Sally is Professor of Professional Ethics and Business Law at the University of Waterloo in Canada, and the Director of the Centre for Accounting Ethics. She visited Macquarie University’s International Governance and Performance (IGAP) Research Centre in mid-2013, and discussed ethics with Dr Eva Tsahuridu, Policy Adviser at CPA Australia.

The pod-casts cover three themes:

1. common ethical challenges.

2. ethical obligations; and

2. professional trust, obligation and crises of consciousness;

This series explores ethical challenges facing professional accountants across different industries, including in public practice, not-for-profits, business and the public sector.

For Professor Gunz, the common ethical obligation for all professional accountants to consider is serving the public interest:

“It always comes back to the ultimate responsibility to serve the public. You have to remember as a professional of any stripe that even though you may act as a manager many times, you’re different from a manager.”

“You have additional responsibilities. You ultimately have the responsibility to your profession, which translates to serving the public.”

“You are there because of that responsibility. And when push comes to shove, if you don’t remember that, the question is, ‘Why are you there?’”

A good question to consider heading into 2014.

Four ideas for improving Integrated Reporting

The International Integrated Reporting Council (IIRC) recently completed the consultation period for its draft version of the International Integrated Reporting (<IR>) framework, with <IR> ‘Version 1’ to be released in December. IGAP researchers Dr Dale Tweedie and Prof. Nonna Martinov-Bennie raised four ideas for the IIRC to consider in its revisions.

????????????????????????????????????????????????????????????????????????????????????????1. Clarifying the relationship between <IR> and other reporting systems

The IIRC’s ‘value-creation’ approach to non-financial reporting is very different from the ‘impact-assessment’ approach used by the Global Reporting Initiative (GRI). Users of <IR> would benefit from greater guidance on how <IR> and GRI4 can be complementary in a practical reporting context; for example, by clarifying differences in the materiality determination processes of <IR> and GRI4 and which – if any – takes precedence.

2. Acknowledge and address stakeholder conflicts

The IIRC’s view that the interests of providers of financial capital – the primary audience of <IR> – and other stakeholders will align over the long term overlooks potential conflicts between these groups, and so how conflicts should be reported. An example in Australia is coal seam gas (CSG) exploration, which promises significant financial benefits to mining and energy organisations, but which other stakeholders have claimed is a long-term risk (e.g. to primary production and water supply). Given this perceived conflict, what should be reported by organisations engaged in CSG exploration? Further clarity on the ‘legitimate needs, interest and expectations’ of other stakeholders that an <IR> should acknowledge would help address these kinds of issues.

3. Increase comparability through a stronger ‘core’

As our earlier blog discussed, while a principles-based framework is a useful method of avoiding boiler-plate disclosures, <IR>s need sufficient commonalities to be comparable over time and between organisations. Providing a stronger ‘core’ of reporting requirements and methods, best practice guidance (e.g. on carbon reporting) and definitions of key terms could encourage comparability without sacrificing the principles-based approach.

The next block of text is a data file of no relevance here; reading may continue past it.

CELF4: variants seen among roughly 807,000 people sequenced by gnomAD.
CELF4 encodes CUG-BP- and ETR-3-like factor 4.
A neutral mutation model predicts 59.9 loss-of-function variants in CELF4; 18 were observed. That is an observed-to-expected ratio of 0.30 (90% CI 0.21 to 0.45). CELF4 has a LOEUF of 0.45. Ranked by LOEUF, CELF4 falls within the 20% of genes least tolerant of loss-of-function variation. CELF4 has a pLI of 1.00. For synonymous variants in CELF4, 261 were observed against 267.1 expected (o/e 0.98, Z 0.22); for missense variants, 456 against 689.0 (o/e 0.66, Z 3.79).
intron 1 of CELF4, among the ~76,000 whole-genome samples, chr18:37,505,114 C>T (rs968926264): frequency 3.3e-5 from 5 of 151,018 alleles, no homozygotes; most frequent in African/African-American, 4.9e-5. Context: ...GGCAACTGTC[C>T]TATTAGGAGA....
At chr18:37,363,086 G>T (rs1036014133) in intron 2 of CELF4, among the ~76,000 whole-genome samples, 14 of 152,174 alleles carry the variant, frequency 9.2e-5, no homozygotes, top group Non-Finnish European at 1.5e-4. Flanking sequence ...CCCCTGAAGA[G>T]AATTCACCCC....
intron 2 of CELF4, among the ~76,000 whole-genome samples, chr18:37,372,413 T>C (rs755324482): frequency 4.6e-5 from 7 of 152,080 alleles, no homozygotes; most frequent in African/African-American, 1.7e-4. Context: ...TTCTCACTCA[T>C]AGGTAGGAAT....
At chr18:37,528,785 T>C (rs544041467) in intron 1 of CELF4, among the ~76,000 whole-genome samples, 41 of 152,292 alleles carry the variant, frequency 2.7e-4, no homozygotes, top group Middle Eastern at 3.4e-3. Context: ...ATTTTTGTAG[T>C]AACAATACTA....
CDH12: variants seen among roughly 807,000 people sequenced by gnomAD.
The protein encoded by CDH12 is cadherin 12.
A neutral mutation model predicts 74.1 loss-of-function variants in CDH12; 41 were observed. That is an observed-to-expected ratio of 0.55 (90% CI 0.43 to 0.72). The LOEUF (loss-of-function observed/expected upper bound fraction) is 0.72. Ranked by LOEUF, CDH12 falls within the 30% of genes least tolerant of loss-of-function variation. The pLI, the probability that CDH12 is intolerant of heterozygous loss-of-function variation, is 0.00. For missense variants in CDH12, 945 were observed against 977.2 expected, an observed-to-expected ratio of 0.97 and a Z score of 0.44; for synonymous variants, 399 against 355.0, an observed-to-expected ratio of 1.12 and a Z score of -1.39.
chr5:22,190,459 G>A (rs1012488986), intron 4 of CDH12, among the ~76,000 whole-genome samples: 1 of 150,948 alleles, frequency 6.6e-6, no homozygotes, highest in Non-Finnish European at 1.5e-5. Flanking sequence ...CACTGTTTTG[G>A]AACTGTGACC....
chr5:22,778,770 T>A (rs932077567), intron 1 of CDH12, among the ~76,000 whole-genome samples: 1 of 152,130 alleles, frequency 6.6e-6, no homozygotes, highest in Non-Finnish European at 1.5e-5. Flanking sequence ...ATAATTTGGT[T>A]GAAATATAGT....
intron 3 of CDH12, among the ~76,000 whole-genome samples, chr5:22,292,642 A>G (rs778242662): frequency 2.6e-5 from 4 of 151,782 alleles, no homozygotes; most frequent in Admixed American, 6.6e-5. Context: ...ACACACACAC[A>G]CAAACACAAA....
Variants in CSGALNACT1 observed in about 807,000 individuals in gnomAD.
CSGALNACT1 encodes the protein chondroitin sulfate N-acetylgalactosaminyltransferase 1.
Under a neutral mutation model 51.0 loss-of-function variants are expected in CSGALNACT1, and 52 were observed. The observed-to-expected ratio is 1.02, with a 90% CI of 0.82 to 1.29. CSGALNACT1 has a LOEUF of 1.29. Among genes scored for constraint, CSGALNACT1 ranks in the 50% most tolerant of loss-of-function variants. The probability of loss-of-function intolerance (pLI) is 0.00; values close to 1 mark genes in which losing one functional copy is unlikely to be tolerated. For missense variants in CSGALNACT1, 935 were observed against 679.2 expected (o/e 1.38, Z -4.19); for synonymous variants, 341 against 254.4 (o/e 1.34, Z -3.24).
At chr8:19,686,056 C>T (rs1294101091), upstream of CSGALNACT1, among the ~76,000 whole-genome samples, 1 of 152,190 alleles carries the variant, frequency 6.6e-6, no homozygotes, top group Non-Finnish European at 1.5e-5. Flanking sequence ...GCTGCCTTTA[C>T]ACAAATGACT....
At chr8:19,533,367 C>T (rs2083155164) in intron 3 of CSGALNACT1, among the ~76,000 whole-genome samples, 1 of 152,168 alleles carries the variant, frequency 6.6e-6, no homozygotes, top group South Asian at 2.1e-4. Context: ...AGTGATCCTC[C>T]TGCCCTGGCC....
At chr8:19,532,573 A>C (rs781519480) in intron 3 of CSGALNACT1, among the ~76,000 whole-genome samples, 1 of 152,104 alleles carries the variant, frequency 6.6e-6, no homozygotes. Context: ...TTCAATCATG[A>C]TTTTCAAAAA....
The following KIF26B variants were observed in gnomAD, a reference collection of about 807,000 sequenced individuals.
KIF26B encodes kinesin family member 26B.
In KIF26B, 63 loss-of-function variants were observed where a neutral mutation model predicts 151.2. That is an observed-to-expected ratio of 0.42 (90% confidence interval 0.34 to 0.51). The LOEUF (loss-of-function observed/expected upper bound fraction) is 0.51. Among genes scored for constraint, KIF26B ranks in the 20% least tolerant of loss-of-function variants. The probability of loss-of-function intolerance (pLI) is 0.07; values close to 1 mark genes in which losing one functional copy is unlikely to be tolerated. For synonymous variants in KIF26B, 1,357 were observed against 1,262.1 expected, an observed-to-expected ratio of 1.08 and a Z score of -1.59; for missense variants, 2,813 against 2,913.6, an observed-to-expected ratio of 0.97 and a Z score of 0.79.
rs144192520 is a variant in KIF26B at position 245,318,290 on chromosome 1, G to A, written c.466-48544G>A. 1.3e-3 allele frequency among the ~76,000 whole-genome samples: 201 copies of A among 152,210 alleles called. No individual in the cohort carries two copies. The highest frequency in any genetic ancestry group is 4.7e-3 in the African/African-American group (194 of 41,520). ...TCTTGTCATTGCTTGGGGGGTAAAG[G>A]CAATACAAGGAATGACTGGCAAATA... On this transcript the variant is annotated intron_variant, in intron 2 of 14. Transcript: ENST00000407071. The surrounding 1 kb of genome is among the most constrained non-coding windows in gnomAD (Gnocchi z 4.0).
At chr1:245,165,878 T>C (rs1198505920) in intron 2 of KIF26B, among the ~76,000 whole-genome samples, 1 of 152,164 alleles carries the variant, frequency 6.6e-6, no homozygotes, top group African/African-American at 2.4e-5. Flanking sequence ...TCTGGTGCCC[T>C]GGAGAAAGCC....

4. Governance as accountability

The draft <IR> framework asks each organisation to explain how its ‘governance structure support[s] its ability to create value in the short, medium and long term’. While good governance is part of value creation, the key features of governance are accountability, transparency and ethics, which are fundamental to ensuring that the value that organisations create is managed and distributed in appropriate ways. Following the King Reports in South Africa, <IR> could play a greater role in emphasising and communicating the importance of these aspects of governance. 

Telework to ‘Anywhere Working’: The Next Steps

As reported in the Australian Financial Review, a key theme emerging from the recent Digital Productivity in the Workplace of the Future Conference, sponsored by Macquarie University and CSIRO, was that the conversation is moving on from ‘telework’ from a home office to ‘anywhere working’. Increasingly we will see employees working from locations such as a café, a partner’s, supplier’s or customer’s premises, a smart work centre, a co-working centre, from home, a car, an airport lounge or anywhere that is conducive to achieving the outcomes and levels of productivity required to achieve organisational strategic objectives.

On the latest statistics, around six percent of Australian workers have formal anywhere working arrangements. The statistics on informal arrangements for working from anywhere are more difficult to ascertain. This is an important area for research because workers with informal anywhere working arrangements typically have more autonomy to complete ?????????????????????????????????????????????????????????????????????????????????their tasks and projects, and so this is where we are more likely to see productivity gains.

Clearly not all organisations see anywhere working as an effective strategy, and prefer their employees to work from an office.  Marissa Mayer, CEO of Yahoo, famously (or infamously) banned all work from home arrangements early this year. Ms Mayer argued that innovation and creativity only occurred when people were together. Yahoo are not alone. Google publically stated that their organisation did not condone working from home.